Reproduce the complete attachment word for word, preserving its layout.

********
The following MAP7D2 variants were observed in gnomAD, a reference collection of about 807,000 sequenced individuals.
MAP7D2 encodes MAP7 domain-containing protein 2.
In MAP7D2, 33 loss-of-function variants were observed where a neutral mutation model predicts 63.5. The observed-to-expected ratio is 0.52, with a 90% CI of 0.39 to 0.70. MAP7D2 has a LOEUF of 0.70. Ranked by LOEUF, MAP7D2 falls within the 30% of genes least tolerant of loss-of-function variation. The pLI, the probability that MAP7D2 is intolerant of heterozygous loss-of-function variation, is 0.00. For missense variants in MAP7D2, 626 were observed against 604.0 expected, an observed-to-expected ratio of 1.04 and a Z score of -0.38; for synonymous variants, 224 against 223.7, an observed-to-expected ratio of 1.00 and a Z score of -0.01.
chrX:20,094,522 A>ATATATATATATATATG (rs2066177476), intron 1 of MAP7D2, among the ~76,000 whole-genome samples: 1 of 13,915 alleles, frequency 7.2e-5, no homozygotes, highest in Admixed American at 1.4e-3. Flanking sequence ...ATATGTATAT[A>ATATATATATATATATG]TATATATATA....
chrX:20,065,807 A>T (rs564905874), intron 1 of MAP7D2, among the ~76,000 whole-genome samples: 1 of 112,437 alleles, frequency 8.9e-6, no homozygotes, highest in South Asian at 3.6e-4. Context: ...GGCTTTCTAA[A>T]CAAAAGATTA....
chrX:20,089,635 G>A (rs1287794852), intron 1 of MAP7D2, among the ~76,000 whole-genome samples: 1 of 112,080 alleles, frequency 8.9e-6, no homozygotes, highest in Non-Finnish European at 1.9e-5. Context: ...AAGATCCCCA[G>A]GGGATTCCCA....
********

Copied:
The following MAP7D2 variants were observed in gnomAD, a reference collection of about 807,000 sequenced individuals.
MAP7D2 encodes MAP7 domain-containing protein 2.
In MAP7D2, 33 loss-of-function variants were observed where a neutral mutation model predicts 63.5. The observed-to-expected ratio is 0.52, with a 90% CI of 0.39 to 0.70. MAP7D2 has a LOEUF of 0.70. Ranked by LOEUF, MAP7D2 falls within the 30% of genes least tolerant of loss-of-function variation. The pLI, the probability that MAP7D2 is intolerant of heterozygous loss-of-function variation, is 0.00. For missense variants in MAP7D2, 626 were observed against 604.0 expected, an observed-to-expected ratio of 1.04 and a Z score of -0.38; for synonymous variants, 224 against 223.7, an observed-to-expected ratio of 1.00 and a Z score of -0.01.
chrX:20,094,522 A>ATATATATATATATATG (rs2066177476), intron 1 of MAP7D2, among the ~76,000 whole-genome samples: 1 of 13,915 alleles, frequency 7.2e-5, no homozygotes, highest in Admixed American at 1.4e-3. Flanking sequence ...ATATGTATAT[A>ATATATATATATATATG]TATATATATA....
chrX:20,065,807 A>T (rs564905874), intron 1 of MAP7D2, among the ~76,000 whole-genome samples: 1 of 112,437 alleles, frequency 8.9e-6, no homozygotes, highest in South Asian at 3.6e-4. Context: ...GGCTTTCTAA[A>T]CAAAAGATTA....
chrX:20,089,635 G>A (rs1287794852), intron 1 of MAP7D2, among the ~76,000 whole-genome samples: 1 of 112,080 alleles, frequency 8.9e-6, no homozygotes, highest in Non-Finnish European at 1.9e-5. Context: ...AAGATCCCCA[G>A]GGGATTCCCA....